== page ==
How To Stop Dogs From Digging

By May 31, 2017Dog Training

Whether it’s the kitchen tile, or the vegetable garden, or an escape tunnel under the fence, a digging dog can become a problem. I’ve had to learn, for my own reasons (vegetable gardens) how to stop dogs from digging over the years, so here’s a summary of what’s worked for me.

The first thing to know is that this is a normal behavior which your dog has to be trained against. You can’t expect a dog to follow boundaries that haven’t been clearly set by the alpha leader – and that’s you.

How to Understand a Dog’s Digging Habit

The first step in learning how to stop dogs from digging is to understand what they’re thinking about when they decide to do it. Here are the main reasons dogs start digging:

  • Wild dogs carve out a den to protect themselves from the weather when sleeping. A bowl of dirt blocks the wind, resists heat in the summer, and stores heat in the winter.
  • It’s a fun use of his claws, and a source of exercise.
  • Maybe digging gets your attention and leads to interaction.
  • He’s got nothing else entertaining to do.
  • Dogs who start digging tunnels under the fence may be in a mating cycle or smell a mate.
  • Freshly planted gardens have soft dirt. It feels good to play in, so they see no reason to stop digging!
  • Along the same lines, some dogs love the smell of the chemicals in fertilizer. Churning it up increases that smell.
  • Some breeds are more driven towards digging than others.
  • Some dogs are actually doing you a favor! They might be digging to hunt rodents and other critters who are attacking your garden. (Wish I’d known this one when they were puppies!)
  • Digging a hole to store food is another habit from the wild.

How To Stop Dogs From Digging

Now that you’ve probably identified one or two likely reasons behind your dog’s digging habit, let’s talk about a few specific solutions that will stop some dogs from digging.

  • Dog is bored or has too much energy: Give them play time, obedience training, and exercise.
  • Dog is digging to bury food: Feed your dog inside while you are training against digging.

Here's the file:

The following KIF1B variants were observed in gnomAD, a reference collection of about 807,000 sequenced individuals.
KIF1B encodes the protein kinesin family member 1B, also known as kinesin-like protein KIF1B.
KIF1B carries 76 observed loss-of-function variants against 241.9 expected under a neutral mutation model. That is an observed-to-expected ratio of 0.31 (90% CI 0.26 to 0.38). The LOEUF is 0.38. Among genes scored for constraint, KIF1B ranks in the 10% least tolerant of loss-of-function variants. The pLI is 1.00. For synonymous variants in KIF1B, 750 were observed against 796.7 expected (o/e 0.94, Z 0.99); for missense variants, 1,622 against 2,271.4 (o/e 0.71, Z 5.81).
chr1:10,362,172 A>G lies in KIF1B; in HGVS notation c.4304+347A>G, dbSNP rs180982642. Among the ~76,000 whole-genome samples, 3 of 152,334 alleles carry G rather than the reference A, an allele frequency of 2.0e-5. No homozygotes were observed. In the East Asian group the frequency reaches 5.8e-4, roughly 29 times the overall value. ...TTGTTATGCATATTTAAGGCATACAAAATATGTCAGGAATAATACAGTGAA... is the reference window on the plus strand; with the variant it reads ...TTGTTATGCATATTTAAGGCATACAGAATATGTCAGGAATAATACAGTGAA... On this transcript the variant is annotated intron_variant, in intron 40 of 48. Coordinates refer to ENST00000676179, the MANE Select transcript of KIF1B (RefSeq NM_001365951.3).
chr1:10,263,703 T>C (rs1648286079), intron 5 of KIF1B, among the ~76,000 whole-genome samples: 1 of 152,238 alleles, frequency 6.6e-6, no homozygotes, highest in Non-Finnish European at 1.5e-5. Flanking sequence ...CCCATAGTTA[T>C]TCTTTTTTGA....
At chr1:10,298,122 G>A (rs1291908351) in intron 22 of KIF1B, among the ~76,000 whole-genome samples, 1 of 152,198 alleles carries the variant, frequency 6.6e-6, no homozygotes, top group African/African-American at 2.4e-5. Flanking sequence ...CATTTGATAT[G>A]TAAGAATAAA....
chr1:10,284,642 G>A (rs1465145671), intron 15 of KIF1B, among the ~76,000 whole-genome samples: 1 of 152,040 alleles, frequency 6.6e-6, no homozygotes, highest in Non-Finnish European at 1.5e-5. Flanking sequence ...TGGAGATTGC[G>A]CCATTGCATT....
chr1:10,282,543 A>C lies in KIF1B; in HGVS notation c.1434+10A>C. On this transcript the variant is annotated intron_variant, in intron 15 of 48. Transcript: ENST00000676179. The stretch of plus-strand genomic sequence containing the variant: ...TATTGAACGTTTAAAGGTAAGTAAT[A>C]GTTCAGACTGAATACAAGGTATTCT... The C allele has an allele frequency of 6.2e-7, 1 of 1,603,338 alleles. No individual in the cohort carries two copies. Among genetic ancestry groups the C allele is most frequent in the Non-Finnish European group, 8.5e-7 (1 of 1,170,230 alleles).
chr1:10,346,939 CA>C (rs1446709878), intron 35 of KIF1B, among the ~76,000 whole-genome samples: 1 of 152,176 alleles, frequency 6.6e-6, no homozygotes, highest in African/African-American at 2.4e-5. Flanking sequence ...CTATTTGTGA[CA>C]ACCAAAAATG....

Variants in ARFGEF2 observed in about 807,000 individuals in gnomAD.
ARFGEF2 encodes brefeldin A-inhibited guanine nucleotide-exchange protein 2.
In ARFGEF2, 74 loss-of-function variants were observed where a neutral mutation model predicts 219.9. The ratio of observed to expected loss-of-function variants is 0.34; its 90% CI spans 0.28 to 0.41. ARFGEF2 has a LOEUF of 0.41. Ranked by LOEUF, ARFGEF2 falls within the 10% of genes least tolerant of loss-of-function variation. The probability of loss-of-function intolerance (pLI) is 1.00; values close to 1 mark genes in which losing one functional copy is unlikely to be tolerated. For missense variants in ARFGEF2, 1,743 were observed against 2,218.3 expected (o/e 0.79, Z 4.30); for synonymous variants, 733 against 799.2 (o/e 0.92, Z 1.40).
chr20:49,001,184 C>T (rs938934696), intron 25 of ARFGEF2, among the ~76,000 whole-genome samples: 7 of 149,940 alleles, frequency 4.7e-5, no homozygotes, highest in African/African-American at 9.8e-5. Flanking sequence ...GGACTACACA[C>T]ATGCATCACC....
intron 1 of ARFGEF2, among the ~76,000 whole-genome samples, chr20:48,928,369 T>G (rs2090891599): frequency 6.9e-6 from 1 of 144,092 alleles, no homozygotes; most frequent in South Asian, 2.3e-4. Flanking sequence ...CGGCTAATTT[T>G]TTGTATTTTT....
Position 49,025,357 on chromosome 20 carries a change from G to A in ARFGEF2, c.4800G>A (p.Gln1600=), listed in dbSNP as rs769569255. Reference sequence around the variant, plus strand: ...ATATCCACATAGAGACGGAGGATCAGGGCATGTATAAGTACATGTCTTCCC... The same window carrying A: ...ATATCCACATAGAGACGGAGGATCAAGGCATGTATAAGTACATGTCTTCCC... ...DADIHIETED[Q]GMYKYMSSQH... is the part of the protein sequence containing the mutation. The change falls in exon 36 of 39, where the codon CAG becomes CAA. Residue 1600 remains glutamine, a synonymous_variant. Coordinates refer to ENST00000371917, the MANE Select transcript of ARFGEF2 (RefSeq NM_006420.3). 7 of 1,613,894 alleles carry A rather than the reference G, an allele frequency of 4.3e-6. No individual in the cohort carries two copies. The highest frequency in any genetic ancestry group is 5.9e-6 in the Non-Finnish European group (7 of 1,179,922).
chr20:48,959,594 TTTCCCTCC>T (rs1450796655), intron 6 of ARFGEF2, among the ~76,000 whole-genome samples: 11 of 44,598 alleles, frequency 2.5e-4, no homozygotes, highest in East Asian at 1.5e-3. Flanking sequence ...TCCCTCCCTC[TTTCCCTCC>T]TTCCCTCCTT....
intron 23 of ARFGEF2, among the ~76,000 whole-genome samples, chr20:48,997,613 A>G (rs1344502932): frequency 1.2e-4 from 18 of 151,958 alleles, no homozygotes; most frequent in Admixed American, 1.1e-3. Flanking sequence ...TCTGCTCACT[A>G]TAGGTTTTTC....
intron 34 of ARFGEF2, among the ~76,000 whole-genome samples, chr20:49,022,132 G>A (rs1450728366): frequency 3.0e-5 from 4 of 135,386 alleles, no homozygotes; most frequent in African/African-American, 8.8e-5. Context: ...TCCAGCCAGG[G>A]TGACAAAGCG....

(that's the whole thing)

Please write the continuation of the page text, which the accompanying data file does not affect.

• Dog is digging for fun: When he’s not supervised, keep your dog indoors, in a crate, or build a kennel with a vinyl floor (not plywood – they’ll try to dig thru it and get splinters)
  • Dog is digging to escape the fence: Aside from repairing the holes, use black plastic to prevent the dogs from seeing outside. If they can’t see interesting distractions, they might stop digging.

Now, for some more general solutions. These are the training methods that you’ll use to stop dogs from digging for the long term.

  • This one is actually fun for you. Bury some air filled balloons throughout your yard, or at least in his favorite digging spots. Dog resumes digging. Dog finds balloon, balloon pops. You snicker slightly. Dog is less amused and begins to dislike digging.
  • Bury a layer of chicken wire throughout the yard (or at least their favorite digging spots) just under the soil. Again, this makes them dislike digging.
  • If you have the time, you can simply blast them with the hose as soon as they start to dig. You have to be available to catch them every time they do it for at least several days before this will stop your dogs from digging, but at least you didn’t have to till your back yard.
  • Don’t let your dogs watch you working in the garden. I couldn’t believe I had to read this one before it occurred to me that one of my dogs was copying my yard work.

Still More Options:

No Need to Stop Dogs From Digging!

Why not give them their own space to dig? Of course, you need the available space, but even a six-foot-square area filled with sand is a great gift for your digging dogs. With just a little bit of training your dogs will understand what the point is.

Anti-Digging Products

Pet stores carry various products that claim to stop dogs from digging. It seems to me that these products depend heavily on your dog’s personality, but they’re definitely effective in some cases.

Don’t Forget Separation Anxiety

As with many kinds of problem behaviors, digging may be an outlet for your dog’s separation anxiety. If this might be the case, I wrote a long article about that problem. As a quick fix, simply employ a dog walker to help burn off energy – exercise is known to fight anxiety. For more information, read my full article about separation anxiety in dogs.

In Conclusion

If I wanted to get my money savings at the grocery store as a benefit from my garden, I needed to learn how to stop dogs from digging – repeatedly. Each dog was a different case and two of my dogs started again after successful training, for new reasons. And, one of my dogs was doing me a favor by digging, but I didn’t realize it at first!

As always, basic obedience training is a shortcut to solving any behavioral problem, because many dogs will stop what they’re doing just because you said so. Obviously, that’s ideal.

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